Frequently Asked Questions

What is Obsessive-Compulsive Disorder (OCD)?

Do you feel trapped in a pattern of unwanted and upsetting thoughts? Does anything in the following statements sound like situations you have experienced frequently?

  • I have upsetting thoughts or images enter my mind again and again.
  • I feel like I can’t stop these thoughts or images, even though I want to.
  • I have a hard time stopping myself from doing things again and again, like counting, checking on things, washing my hands, rearranging objects, doing things until it feels right, collecting useless objects.
  • I worry a lot about terrible things that could happen if I’m not careful.
  • I have unwanted urges to hurt someone but know I never would.

If you have experienced any of these problems, you may have obsessive-compulsive disorder (OCD).

If you have OCD, you have repeated, upsetting thoughts, and you do the same thing over and over again to make the thoughts go away. The upsetting thoughts and images are called obsessions. The actions you take over and over again to make the thoughts go away are called compulsions. Examples of these repeated actions include counting, cleaning and checking on things.

OCD usually involves having both obsessions and compulsions, though a person with OCD may sometimes have only one or the other.

Some common obsessions are:

  • Contamination fears of germs, dirt, etc.
  • Imagining having harmed self or others
  • Imagining losing control or aggressive urges
  • Intrusive sexual thoughts or urges
  • Excessive religious or moral doubt
  • Forbidden thoughts
  • A need to have things “just so”
  • A need to tell, ask, confess

Some common compulsions are:

  • Washing
  • Repeating
  • Checking
  • Touching
  • Counting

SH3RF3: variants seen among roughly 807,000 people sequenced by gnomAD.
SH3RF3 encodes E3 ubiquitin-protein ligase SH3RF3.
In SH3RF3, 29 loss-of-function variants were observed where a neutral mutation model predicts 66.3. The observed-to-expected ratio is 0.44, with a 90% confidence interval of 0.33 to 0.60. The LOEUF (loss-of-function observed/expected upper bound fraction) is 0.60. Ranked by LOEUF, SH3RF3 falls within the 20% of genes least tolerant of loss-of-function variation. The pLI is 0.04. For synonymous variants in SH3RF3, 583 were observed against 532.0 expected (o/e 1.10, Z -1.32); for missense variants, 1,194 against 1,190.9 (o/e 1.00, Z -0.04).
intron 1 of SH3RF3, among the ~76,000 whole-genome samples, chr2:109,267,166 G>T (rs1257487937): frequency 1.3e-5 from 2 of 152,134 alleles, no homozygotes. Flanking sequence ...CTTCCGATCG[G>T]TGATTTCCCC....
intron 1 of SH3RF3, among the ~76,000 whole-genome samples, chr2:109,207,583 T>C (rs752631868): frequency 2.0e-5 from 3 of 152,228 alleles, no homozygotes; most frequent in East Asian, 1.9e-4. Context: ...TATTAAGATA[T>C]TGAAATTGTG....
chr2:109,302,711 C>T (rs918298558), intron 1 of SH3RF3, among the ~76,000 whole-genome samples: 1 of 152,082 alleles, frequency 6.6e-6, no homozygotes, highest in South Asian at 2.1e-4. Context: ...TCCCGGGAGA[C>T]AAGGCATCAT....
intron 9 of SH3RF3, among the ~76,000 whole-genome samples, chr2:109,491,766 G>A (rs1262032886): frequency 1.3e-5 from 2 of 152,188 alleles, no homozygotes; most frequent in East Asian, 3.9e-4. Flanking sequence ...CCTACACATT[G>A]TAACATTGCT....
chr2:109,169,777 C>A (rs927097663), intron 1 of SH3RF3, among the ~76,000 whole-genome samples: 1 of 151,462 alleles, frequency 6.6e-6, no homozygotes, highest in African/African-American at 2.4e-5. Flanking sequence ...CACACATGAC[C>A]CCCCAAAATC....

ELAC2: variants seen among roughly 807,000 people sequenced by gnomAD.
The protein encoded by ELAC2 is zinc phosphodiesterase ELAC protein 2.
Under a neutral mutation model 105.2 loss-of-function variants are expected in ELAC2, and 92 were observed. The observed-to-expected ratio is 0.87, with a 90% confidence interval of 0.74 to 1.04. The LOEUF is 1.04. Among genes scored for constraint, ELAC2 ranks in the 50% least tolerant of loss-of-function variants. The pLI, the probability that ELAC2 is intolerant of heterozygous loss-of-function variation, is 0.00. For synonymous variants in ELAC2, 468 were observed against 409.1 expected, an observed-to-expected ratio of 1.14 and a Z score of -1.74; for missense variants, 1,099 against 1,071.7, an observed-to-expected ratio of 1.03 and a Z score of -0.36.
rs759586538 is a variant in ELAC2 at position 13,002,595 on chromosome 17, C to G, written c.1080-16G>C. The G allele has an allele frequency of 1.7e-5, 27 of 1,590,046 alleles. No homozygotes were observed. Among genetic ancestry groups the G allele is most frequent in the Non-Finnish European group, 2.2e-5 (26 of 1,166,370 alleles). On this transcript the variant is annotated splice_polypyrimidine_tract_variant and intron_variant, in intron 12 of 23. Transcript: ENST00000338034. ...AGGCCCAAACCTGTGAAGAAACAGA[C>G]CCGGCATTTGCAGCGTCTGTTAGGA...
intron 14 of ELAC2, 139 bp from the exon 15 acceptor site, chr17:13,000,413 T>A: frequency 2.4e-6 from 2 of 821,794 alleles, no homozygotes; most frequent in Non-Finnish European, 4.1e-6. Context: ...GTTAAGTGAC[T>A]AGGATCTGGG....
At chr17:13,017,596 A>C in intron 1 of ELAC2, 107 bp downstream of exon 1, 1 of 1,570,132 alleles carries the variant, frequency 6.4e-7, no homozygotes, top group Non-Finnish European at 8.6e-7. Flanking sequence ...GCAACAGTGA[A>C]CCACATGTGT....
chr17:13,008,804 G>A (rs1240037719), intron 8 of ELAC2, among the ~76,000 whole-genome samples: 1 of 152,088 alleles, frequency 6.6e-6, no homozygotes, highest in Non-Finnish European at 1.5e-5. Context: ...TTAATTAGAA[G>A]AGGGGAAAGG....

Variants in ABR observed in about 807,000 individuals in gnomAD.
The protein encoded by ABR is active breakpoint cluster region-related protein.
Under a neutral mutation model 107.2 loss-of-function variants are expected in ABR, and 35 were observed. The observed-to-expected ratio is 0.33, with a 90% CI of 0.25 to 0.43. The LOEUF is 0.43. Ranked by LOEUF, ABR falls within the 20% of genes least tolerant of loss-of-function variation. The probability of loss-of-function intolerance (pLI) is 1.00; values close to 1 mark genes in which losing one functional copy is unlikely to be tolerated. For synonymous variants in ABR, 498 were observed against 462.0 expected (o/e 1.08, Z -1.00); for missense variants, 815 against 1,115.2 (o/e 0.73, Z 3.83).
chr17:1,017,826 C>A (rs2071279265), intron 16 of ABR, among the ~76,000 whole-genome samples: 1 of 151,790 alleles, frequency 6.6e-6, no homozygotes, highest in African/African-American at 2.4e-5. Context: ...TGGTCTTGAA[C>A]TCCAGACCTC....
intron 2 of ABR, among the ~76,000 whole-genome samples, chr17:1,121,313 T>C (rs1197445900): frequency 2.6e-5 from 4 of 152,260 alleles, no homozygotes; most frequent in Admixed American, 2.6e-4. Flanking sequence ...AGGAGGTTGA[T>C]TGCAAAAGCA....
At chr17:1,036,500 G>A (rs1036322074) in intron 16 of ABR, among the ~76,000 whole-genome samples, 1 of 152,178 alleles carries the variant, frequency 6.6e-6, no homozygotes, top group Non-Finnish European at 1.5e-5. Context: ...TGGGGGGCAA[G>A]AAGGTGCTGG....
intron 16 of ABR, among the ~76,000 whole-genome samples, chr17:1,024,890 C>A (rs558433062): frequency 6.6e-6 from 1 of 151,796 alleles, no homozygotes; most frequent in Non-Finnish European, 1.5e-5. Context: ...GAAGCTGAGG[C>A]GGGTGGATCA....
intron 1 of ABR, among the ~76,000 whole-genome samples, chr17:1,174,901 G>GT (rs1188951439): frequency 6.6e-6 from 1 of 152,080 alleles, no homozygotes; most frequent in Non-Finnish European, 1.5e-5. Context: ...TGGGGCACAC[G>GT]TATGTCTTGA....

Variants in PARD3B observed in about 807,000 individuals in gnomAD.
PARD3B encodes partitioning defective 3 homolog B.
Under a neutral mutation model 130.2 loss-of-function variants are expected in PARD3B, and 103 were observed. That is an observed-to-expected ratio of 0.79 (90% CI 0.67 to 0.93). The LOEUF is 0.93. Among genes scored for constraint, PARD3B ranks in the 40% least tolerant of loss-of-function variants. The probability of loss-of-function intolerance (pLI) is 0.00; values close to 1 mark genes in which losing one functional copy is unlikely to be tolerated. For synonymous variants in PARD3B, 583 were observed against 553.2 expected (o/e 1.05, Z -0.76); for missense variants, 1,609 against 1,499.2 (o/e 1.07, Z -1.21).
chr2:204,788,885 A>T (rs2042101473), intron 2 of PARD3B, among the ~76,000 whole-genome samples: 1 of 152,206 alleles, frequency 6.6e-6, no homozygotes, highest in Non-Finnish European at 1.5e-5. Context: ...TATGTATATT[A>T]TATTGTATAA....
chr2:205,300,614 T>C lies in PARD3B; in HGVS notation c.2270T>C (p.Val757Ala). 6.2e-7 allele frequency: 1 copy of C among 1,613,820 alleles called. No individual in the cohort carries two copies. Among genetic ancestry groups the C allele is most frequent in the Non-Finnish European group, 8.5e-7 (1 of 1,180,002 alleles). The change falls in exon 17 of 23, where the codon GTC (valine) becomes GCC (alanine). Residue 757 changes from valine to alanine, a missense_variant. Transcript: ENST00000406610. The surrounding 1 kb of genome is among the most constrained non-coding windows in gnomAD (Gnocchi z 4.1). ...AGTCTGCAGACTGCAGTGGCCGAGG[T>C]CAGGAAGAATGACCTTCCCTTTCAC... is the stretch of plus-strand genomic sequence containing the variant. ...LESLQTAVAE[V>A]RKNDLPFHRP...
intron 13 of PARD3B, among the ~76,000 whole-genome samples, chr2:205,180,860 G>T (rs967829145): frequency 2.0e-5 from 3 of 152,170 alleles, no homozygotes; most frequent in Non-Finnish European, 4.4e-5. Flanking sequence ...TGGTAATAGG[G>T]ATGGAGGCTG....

• Ordering/arranging
  • Hoarding or saving
  • Praying

OCD symptoms cause distress, take up a lot of time (more than an hour a day), or significantly interfere with a person’s work, social life or relationships. Other mental disorders that may fall within the spectrum of obsessive-compulsive disorder include compulsive hair pulling, compulsive shoplifting, gambling and sexual behavior disorders.

Talk to your doctor about your unwanted thoughts, fears and repeated actions. Tell your doctor if these thoughts and repeated actions keep you from doing everyday things and living your life.

Talking to a specially trained doctor or counselor helps many people with OCD. Therapy helps you learn to stop doing the repeated actions and also teaches you ways to lower and cope with your anxiety. The doctor may give you medicine to help you get rid of your unwanted thoughts and repeated actions. Medicine can also help you feel less anxious and afraid. Support groups are a great way to get support and create friendships with other people with OCD.

Just talking about your problems sometimes leads to new solutions. If you or someone you know needs information, guidance or help, call our Respond program at 1-800-366-1132. Respond offers confidential, caring assessments and referrals for individuals dealing with problems related to mental health issues and substance abuse. If you or a loved one are experiencing an emergency, please call 911 immediately.